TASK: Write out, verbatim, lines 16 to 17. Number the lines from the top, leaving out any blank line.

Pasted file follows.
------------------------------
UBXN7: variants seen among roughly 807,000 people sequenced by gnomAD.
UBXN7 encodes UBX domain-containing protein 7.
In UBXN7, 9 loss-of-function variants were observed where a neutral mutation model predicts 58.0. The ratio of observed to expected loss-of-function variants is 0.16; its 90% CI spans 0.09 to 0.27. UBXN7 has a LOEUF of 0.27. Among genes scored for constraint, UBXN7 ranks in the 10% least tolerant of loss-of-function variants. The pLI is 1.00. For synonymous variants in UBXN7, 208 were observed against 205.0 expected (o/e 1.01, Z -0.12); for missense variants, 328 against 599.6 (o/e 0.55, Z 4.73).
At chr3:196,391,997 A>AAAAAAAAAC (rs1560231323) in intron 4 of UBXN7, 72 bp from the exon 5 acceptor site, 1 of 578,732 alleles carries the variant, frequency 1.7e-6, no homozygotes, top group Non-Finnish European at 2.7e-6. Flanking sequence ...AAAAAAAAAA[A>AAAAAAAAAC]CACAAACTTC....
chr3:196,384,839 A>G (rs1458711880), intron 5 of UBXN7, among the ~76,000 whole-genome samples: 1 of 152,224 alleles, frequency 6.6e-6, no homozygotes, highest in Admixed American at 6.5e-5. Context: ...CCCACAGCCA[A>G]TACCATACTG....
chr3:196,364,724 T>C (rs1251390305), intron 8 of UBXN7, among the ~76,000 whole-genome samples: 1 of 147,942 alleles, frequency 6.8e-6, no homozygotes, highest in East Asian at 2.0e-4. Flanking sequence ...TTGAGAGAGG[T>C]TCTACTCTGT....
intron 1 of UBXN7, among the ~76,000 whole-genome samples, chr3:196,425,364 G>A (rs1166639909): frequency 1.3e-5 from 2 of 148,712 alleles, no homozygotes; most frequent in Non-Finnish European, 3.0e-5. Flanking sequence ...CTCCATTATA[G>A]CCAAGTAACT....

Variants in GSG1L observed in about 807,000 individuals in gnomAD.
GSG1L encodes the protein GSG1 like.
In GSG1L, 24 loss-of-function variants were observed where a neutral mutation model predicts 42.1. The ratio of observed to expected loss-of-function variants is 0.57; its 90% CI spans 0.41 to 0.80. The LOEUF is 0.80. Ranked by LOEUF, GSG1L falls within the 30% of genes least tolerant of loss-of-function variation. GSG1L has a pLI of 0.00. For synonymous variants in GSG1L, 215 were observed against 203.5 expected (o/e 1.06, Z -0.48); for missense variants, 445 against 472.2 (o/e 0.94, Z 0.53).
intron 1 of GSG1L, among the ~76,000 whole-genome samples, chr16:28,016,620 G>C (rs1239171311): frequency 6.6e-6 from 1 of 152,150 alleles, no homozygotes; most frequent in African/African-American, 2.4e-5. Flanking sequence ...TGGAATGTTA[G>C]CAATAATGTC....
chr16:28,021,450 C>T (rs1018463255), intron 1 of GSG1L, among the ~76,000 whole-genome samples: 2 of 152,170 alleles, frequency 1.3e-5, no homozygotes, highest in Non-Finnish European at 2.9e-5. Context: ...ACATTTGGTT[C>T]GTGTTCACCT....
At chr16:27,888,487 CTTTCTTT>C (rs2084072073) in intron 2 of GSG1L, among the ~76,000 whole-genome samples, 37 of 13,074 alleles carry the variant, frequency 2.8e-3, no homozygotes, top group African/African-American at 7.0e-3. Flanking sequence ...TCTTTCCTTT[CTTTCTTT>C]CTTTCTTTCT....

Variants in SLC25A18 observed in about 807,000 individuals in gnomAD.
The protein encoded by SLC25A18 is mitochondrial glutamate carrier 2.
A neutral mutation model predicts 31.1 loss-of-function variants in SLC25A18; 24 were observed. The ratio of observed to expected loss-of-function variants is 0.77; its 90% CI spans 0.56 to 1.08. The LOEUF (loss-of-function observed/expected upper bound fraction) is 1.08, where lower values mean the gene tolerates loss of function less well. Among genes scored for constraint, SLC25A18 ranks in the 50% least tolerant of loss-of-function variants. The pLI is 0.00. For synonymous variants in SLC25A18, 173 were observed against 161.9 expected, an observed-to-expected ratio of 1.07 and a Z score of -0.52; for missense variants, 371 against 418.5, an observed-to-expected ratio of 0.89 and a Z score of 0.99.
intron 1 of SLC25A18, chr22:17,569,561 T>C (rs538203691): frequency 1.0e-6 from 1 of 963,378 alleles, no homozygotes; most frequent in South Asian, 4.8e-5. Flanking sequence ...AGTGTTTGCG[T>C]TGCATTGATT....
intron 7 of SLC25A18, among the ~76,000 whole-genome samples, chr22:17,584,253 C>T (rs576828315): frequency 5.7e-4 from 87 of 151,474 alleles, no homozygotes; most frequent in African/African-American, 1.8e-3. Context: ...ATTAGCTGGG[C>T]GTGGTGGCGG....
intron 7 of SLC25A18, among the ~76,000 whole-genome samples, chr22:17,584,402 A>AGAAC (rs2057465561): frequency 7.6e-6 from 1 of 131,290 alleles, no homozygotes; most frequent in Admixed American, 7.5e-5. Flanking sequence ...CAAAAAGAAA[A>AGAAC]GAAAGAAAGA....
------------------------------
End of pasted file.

A neutral mutation model predicts 31.1 loss-of-function variants in SLC25A18; 24 were observed. The ratio of observed to expected loss-of-function variants is 0.77; its 90% CI spans 0.56 to 1.08. The LOEUF (loss-of-function observed/expected upper bound fraction) is 1.08, where lower values mean the gene tolerates loss of function less well. Among genes scored for constraint, SLC25A18 ranks in the 50% least tolerant of loss-of-function variants. The pLI is 0.00. For synonymous variants in SLC25A18, 173 were observed against 161.9 expected, an observed-to-expected ratio of 1.07 and a Z score of -0.52; for missense variants, 371 against 418.5, an observed-to-expected ratio of 0.89 and a Z score of 0.99.
intron 1 of SLC25A18, chr22:17,569,561 T>C (rs538203691): frequency 1.0e-6 from 1 of 963,378 alleles, no homozygotes; most frequent in South Asian, 4.8e-5. Flanking sequence ...AGTGTTTGCG[T>C]TGCATTGATT....